Drudge Retort: The Other Side of the News

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Friday, April 19, 2019

Analysis: On Friday morning, Donald Trump took to Twitter to attack the Mueller report -- and, not-so-subtly -- his former White House counsel Don McGahn ... Here's the delicious irony of Trump attacking his former top lawyer: McGahn's refusal to heed the President's directive to fire Mueller -- or to tell the deputy attorney general to fire Mueller -- very well may have saved Trump's presidency. read more

No, Mueller did not find a criminal conspiracy between the Trump campaign and Russia, and no, he did not conclude that President Trump had obstructed justice. But Mueller emphatically did not find that there had been "no collusion" either.

If Robert Mueller wanted to charge President Donald Trump with obstruction, he found all he needed to do it. And he found it on multiple fronts. But he didn't make a decision on whether to bring the case.

Mueller's report Thursday walked through excruciating detail of evidence in the obstruction of justice investigation and legal analysis, hitting over and over again how prosecutors had enough to meet the legal threshold for a case against Trump.

Thursday, April 18, 2019

Yoni Appelbaum: The redacted version of Special Counsel Robert Mueller's report released on Thursday runs 448 pages. But its most important implication can be summarized in a single sentence: There is sufficient evidence that President Donald Trump obstructed justice to merit impeachment hearings. read more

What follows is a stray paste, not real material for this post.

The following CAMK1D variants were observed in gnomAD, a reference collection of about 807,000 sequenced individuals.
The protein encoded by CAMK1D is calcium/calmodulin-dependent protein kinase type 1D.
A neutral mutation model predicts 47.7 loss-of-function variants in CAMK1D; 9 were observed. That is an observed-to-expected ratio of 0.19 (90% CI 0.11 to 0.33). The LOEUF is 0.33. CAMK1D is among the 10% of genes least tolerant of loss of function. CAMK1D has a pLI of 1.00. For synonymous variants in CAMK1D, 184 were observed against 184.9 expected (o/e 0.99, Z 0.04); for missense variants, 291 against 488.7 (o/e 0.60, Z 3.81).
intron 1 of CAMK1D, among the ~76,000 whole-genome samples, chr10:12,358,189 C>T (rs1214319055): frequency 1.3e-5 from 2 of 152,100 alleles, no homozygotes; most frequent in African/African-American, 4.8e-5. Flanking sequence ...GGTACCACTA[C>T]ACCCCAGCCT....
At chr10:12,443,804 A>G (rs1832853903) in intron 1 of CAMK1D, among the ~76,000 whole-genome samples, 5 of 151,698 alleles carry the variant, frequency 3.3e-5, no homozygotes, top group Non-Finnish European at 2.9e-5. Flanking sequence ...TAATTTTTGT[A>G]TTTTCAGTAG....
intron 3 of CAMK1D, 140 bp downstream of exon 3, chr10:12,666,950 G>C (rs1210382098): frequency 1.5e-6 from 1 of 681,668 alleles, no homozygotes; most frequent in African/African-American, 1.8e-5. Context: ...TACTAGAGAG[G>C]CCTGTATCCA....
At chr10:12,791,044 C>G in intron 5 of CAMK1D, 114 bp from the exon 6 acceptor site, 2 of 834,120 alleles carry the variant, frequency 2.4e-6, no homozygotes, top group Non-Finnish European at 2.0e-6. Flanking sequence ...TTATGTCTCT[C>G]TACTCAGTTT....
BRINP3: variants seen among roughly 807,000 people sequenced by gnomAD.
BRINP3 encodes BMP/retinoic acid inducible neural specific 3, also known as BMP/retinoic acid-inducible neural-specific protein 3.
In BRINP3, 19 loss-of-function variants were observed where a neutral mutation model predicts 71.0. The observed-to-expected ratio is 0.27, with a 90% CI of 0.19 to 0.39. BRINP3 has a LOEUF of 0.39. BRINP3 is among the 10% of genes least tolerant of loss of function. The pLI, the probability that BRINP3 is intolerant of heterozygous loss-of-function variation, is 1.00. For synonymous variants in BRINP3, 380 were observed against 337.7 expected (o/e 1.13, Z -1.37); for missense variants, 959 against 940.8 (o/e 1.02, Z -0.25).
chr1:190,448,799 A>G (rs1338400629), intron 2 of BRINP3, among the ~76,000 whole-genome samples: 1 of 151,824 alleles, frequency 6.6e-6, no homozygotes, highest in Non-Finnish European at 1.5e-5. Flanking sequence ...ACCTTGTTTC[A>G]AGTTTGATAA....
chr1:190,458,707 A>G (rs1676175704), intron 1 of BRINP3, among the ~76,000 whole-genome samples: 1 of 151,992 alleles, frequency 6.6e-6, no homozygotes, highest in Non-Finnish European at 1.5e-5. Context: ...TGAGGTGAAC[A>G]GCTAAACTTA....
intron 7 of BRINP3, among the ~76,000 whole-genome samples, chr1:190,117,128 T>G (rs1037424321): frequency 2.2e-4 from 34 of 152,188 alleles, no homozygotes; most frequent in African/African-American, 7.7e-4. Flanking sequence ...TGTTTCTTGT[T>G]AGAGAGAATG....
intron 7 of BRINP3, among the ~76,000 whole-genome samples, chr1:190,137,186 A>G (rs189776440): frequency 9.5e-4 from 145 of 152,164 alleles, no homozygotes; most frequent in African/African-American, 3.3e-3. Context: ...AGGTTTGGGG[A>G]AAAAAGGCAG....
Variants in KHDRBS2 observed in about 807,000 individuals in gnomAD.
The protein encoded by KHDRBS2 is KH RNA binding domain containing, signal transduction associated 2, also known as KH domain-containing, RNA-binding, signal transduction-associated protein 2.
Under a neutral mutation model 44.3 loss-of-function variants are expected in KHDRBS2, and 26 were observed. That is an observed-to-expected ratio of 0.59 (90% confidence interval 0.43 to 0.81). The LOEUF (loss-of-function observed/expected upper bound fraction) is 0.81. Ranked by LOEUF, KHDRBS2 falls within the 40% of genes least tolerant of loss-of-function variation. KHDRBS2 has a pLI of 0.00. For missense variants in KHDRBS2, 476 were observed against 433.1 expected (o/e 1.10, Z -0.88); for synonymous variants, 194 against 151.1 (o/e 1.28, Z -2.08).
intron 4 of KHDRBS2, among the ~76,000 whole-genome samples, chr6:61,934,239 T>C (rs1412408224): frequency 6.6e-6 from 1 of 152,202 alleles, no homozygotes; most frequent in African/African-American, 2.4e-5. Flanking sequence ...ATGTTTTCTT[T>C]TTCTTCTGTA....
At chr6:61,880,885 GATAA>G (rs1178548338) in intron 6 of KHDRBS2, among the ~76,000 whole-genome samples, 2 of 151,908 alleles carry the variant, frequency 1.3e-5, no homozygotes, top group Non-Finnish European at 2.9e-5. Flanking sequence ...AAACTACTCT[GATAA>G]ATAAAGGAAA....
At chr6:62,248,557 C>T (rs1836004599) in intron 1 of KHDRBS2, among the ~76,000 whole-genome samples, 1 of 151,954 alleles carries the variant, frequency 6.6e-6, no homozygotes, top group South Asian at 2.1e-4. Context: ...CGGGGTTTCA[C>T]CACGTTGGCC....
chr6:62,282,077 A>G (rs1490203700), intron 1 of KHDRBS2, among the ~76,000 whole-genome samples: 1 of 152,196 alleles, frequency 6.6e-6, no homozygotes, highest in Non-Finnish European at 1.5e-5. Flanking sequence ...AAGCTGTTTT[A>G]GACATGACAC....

Wednesday, April 17, 2019

The Big Bang is commonly thought of as the start of it all: About 13.8 billion years ago, the observable universe went boom and expanded into being. But what were things like before the Big Bang? Short answer: We don't know. Long answer: It could have been a lot of things, each mind-bending in its own way


Barr and Trump at home in the WH:


No wonder Barr was spinning this Report so hard; It confirms that Russian stole the emails the very same day Trump told them to, it confirms that the Pres ordered his aides to obstruct justice, and it lays out a case for Congress to start hearings on obstruction of justice... even citing precedence for them to do so.

Now they just want Mueller to testify to those things in the Report before Congress.

"Barbara McQuade (@BarbMcQuade), Professor at the University of Michigan Law School. She served as United States Attorney for the Eastern District of Michigan and Co-Chair of the Terrorism and National Security Subcommittee of the Attorney General's Advisory Committee from 2010-2017.

She explains how the report could be used as "a roadmap for Congress" on potential impeachment proceedings.

The Mueller Report appears to be a roadmap for Congress to conduct impeachment proceedings as to obstruction of justice. The report explains that the special counsel believed that a sitting president could not be indicted, and that "fairness counseled against" concluding that President Trump committed crimes because he could not avail himself of the normal adversary process for public name-clearing before an impartial adjudicator.

Instead, Mueller decided to "preserve the evidence when memories were fresh and documentary materials were available." The report does not say that the special counsel left it to the Attorney General to decide, as Barr indicated in his letter to Congress.

Instead, Mueller lays out 10 episodes of potential obstruction of justice, stating, "While this report does not conclude that the President committed a crime, it also does not exonerate him."

This is not a tie or a tossup. This is a referral to Congress. Mueller did not recommend charges because he did not believe it was his role to do so."


Five-finger discount... quote lifted from Gal's important thread quoting legal experts here:


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